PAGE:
March 22, 2019

OBP - Writing Blockchain chaincode in Node JS

[OBP]

This post is to show how to write a chain code in NodeJS. Since version 1.2, the opensource Hyperledger fabric blockchain framework supports nodeJS to write chain codes. As Oracle Blockchain Platform (OBP) built on Hyperledger fabric and it upgrades to Hyperledger fabric 1.3 (latest version), we can also write chain codes using NodeJS in OBP.

Let's see a sample chain code. Below is the procedure to write and deploy a chain code into OBP written in Node JS.

  • Create a package.json file with the basic details and dependencies of the libraries
  • Create node js file/files (.js) and configure them to the above package.json
  • Zip the folder with both js and package.json files
  • Click on "Deploy chain code" in OBP under "Chaincodes" tab and select the zip file
Note: You just need to create package.json, not required to run npm commands to install the dependent libraries in the folder before packaging(zip) the project as the OBP will run internally once you deploy the code.

Below is the sample package.json file.


{

"name": "reviews",
"version": "1.0.0",
"description": "Chaincode implemented in node.js",
"engines": {
"node": ">=8.4.0",
"npm": ">=5.3.0"
},
"scripts": { "start" : "node reviews.js" },
"engine-strict": true,
"license": "Apache-2.0",
"dependencies": {
"fabric-shim": "~1.1.0"
}
}


Below is the sample Node js file.


const shim = require('fabric-shim');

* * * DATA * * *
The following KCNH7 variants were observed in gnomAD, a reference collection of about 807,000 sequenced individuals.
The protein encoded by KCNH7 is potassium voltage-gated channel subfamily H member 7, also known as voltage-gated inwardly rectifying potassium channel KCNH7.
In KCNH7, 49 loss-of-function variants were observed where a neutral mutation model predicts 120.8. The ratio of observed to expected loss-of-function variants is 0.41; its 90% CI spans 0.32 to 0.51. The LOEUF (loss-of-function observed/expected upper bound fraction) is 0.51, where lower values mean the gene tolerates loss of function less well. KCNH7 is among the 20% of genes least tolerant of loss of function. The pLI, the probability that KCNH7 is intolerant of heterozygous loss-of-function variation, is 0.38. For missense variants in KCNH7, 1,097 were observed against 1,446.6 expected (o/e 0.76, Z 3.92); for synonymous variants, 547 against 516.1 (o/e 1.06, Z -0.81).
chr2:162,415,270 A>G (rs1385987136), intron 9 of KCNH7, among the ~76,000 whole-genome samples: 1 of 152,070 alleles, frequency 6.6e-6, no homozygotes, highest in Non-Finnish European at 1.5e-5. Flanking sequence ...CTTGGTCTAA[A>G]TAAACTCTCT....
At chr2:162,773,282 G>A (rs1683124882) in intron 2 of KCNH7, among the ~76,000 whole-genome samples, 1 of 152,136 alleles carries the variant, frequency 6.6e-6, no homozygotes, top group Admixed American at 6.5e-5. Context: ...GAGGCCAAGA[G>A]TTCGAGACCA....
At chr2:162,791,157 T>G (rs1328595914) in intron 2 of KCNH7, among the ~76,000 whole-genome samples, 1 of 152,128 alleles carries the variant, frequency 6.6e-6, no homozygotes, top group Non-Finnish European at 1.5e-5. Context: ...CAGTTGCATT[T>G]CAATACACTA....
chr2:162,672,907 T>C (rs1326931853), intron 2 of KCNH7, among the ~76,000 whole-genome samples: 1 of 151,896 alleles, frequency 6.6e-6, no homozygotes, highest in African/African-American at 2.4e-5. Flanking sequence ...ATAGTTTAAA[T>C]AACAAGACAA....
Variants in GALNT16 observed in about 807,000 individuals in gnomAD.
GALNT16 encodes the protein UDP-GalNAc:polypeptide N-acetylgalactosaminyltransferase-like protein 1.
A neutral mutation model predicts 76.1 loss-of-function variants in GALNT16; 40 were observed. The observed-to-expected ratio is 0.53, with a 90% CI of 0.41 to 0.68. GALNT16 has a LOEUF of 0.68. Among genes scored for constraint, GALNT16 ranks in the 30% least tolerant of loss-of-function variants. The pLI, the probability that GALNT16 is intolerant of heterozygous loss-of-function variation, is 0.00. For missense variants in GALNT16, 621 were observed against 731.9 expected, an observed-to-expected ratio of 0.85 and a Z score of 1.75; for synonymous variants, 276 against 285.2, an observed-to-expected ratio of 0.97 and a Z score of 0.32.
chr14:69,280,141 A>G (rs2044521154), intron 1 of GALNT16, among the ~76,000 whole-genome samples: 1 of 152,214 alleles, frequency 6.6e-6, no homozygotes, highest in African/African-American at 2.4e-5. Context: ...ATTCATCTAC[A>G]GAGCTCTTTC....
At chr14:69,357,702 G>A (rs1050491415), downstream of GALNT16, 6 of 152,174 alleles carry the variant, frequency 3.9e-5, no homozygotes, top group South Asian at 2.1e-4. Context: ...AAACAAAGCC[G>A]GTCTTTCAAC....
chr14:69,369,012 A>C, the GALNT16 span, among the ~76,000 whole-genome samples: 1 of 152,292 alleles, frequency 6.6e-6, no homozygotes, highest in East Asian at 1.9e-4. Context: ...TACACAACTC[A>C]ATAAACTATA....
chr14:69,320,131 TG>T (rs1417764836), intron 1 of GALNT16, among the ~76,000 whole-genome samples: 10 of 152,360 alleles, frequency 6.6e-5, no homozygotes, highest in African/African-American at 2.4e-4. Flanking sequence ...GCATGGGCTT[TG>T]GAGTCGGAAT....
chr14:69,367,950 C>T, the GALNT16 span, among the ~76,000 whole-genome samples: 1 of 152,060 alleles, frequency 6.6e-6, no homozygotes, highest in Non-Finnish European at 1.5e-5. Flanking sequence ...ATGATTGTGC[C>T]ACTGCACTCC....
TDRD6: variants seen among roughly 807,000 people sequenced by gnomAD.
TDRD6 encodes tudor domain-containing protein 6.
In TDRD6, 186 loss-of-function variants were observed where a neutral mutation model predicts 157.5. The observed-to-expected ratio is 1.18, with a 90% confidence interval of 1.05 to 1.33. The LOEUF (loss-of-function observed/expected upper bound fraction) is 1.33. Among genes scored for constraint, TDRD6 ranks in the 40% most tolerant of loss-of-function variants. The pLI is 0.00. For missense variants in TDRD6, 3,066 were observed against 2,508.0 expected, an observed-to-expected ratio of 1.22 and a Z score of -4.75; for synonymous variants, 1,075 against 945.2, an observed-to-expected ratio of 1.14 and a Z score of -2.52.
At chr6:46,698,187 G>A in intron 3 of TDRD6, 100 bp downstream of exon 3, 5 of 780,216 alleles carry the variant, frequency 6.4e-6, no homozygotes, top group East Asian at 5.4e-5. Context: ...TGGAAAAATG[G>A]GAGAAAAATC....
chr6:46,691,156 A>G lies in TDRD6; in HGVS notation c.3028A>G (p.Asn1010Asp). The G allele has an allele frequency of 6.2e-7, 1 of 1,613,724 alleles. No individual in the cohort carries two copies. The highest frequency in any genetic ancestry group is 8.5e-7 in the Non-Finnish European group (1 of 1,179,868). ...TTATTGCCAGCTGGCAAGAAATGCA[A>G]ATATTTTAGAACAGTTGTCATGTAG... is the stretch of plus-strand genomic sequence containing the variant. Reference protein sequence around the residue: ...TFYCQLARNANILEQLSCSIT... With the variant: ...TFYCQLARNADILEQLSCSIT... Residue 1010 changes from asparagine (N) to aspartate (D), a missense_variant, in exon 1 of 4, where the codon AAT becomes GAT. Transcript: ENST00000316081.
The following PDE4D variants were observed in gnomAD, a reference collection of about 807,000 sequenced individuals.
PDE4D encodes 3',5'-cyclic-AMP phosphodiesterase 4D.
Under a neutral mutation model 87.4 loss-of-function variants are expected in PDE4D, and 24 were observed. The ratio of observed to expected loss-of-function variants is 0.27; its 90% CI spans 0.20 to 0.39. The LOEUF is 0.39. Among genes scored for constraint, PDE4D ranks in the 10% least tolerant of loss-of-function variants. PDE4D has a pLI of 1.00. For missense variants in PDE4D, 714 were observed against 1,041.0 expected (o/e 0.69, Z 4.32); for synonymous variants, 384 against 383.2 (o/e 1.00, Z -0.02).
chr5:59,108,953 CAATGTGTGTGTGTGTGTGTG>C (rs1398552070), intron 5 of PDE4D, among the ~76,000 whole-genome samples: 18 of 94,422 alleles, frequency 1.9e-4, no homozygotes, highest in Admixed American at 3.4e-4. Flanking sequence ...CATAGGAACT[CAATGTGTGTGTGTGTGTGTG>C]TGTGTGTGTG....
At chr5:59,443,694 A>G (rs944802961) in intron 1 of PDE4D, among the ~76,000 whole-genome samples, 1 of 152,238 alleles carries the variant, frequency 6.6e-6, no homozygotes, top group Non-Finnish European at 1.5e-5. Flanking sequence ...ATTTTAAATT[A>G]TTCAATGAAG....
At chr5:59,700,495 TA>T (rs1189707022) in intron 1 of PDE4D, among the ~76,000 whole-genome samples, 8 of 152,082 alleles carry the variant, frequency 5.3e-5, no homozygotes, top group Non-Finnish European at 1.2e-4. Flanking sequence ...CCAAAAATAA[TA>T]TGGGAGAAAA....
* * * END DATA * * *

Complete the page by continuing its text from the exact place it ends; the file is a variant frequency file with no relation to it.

const Chaincode = class {

    async Init(stub) {
        return shim.success();
    }

    async Invoke(stub) {
        let ret = stub.getFunctionAndParameters();
        let method = this[ret.fcn];
        console.log("Inside invoke. Calling method: " + ret.fcn);
        if (!method) {
            shim.error(Buffer.from('Received unknown function ' + ret.fcn + ' invocation'));
        }

        try {
            let payload = await method(stub, ret.params);
            return shim.success(payload);
        } catch (err) {
            console.log(err);
            return shim.error(err);
        }
    }
    //Method to save or update a user review to a product
    async saveReview(stub, args) {
        console.log("inside saveReview: " + JSON.stringify(args));
        if (args.length < 3) {
            throw 'Incorrect number of arguments. Expecting productid,userid and rating.';
        }
        var assetReview = {};
        assetReview.productid = args[0];//String
        assetReview.userid = args[1];//String
        assetReview.rating = args[2];//Number
        assetReview.comment = args[3];//String
        await stub.putState(key, Buffer.from(JSON.stringify(assetReview)));

    }//End of method

}

shim.start(new Chaincode());


Note: In the above js sample, the first statement requires fabric-shim package which is mandatory to execute the chain code.

March 13, 2019

Configure Rich History in Oracle Blockchain Platform

 [OBP]

Connecting Oracle Autonomous Transactional Process (ATP) as a Rich History Database in Oracle Blockchain Platform is very easy. It takes just a few configuration steps. Let's see, how to do the configuration.
  • Get the ATP connection details. For this, log in to ATP service console
  • Download wallet package file and copy the TNS name for the connection string to be used
  • Open blockchain instance console
  • As shown in the below figure, click on "Configure Rich History tab"

  • Below window will be opened. Fill the information like username, password of rich history database, paste the copied TNS name in the "Connection String" field, upload the saved wallet file and then click on save

  • Now the ATP has been configured as rich history database to Oracle blockchain. From now on, all the transactions will be sync with the ATP database automatically
  • At least one transaction has to be done in blockchain to initiate this sync process
  • You can observe three tables created in ATP as shown below and each table name is prefixed with the blockchain instance name_channel name. For example, if the instance name is "dealer" and the channel name is "dealerchannel" then, the tables created are